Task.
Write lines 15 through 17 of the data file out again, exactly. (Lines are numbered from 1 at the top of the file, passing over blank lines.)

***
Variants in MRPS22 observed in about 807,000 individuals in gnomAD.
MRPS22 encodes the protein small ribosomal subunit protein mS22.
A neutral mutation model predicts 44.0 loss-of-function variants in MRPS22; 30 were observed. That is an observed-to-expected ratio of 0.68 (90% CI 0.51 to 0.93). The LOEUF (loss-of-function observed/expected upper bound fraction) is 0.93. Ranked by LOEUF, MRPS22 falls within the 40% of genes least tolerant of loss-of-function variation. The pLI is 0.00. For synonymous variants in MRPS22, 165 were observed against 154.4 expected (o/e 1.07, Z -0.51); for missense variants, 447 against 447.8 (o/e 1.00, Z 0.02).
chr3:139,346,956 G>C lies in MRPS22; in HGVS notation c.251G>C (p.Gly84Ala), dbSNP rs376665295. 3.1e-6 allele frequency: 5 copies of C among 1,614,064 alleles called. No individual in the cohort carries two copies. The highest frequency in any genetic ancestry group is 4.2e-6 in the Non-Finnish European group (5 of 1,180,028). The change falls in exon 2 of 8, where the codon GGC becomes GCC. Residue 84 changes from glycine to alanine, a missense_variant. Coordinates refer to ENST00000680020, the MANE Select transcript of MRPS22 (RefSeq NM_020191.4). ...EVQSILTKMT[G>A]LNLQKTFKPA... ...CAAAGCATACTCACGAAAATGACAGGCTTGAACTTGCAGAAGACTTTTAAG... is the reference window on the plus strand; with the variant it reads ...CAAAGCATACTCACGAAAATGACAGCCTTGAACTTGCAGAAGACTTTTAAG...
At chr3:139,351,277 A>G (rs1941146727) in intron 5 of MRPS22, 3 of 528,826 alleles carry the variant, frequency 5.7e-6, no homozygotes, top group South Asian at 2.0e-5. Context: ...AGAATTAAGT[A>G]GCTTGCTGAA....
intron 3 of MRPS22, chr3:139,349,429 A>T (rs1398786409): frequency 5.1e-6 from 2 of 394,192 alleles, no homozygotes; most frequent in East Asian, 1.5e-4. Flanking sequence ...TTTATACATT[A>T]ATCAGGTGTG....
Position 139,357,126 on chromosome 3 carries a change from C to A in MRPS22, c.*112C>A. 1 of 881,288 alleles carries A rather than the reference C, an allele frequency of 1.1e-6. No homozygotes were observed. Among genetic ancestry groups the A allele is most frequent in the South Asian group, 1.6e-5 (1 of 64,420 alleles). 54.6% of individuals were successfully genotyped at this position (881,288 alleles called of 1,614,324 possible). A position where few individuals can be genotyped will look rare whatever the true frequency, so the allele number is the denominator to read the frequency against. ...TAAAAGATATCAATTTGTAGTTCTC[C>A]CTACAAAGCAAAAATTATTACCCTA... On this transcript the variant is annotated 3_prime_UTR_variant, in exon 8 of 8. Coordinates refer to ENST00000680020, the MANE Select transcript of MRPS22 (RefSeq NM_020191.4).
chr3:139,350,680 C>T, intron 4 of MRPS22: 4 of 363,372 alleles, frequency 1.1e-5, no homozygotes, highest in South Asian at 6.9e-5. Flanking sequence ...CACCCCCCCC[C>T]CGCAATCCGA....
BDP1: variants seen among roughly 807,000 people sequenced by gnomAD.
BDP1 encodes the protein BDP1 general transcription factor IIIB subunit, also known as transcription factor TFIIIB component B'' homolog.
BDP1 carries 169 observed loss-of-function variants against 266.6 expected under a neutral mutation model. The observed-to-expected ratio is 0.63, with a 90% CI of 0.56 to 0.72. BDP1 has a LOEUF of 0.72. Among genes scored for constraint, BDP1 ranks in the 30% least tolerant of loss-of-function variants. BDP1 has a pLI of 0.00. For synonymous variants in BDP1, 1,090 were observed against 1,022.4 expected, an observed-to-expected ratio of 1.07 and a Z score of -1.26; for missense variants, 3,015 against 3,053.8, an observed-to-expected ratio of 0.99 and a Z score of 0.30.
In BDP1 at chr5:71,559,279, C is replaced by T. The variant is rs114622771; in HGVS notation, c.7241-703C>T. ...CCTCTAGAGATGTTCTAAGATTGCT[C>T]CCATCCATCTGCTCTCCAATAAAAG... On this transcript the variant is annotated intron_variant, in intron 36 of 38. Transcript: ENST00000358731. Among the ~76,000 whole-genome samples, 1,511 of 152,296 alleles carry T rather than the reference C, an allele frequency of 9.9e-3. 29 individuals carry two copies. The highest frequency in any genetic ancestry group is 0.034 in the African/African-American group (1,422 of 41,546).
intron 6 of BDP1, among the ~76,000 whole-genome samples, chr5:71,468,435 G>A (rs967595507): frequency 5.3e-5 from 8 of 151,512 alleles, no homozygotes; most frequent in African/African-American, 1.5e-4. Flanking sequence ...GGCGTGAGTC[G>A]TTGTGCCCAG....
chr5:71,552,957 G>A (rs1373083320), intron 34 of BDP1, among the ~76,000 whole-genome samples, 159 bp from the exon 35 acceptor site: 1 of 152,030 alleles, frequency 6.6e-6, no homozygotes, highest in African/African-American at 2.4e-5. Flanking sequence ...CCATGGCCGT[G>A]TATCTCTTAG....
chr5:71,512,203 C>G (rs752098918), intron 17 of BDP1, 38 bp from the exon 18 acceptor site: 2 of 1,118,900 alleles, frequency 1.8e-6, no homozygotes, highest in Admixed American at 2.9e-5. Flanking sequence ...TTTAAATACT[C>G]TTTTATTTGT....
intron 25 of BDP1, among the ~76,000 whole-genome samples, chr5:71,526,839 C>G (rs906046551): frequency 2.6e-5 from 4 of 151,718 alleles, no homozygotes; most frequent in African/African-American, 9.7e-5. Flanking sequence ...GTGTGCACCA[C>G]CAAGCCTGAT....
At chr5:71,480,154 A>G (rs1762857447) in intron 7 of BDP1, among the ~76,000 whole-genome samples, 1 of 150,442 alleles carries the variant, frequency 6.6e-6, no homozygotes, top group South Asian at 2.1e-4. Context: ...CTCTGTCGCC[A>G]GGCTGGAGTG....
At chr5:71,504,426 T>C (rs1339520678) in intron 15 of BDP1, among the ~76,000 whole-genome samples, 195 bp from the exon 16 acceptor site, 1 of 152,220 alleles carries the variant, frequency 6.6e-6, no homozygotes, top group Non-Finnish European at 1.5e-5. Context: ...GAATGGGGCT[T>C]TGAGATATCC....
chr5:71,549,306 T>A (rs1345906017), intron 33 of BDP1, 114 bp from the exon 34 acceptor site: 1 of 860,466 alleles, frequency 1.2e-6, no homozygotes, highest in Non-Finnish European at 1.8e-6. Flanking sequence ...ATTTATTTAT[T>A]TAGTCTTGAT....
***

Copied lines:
chr5:71,512,203 C>G (rs752098918), intron 17 of BDP1, 38 bp from the exon 18 acceptor site: 2 of 1,118,900 alleles, frequency 1.8e-6, no homozygotes, highest in Admixed American at 2.9e-5. Flanking sequence ...TTTAAATACT[C>G]TTTTATTTGT....
intron 25 of BDP1, among the ~76,000 whole-genome samples, chr5:71,526,839 C>G (rs906046551): frequency 2.6e-5 from 4 of 151,718 alleles, no homozygotes; most frequent in African/African-American, 9.7e-5. Flanking sequence ...GTGTGCACCA[C>G]CAAGCCTGAT....
At chr5:71,480,154 A>G (rs1762857447) in intron 7 of BDP1, among the ~76,000 whole-genome samples, 1 of 150,442 alleles carries the variant, frequency 6.6e-6, no homozygotes, top group South Asian at 2.1e-4. Context: ...CTCTGTCGCC[A>G]GGCTGGAGTG....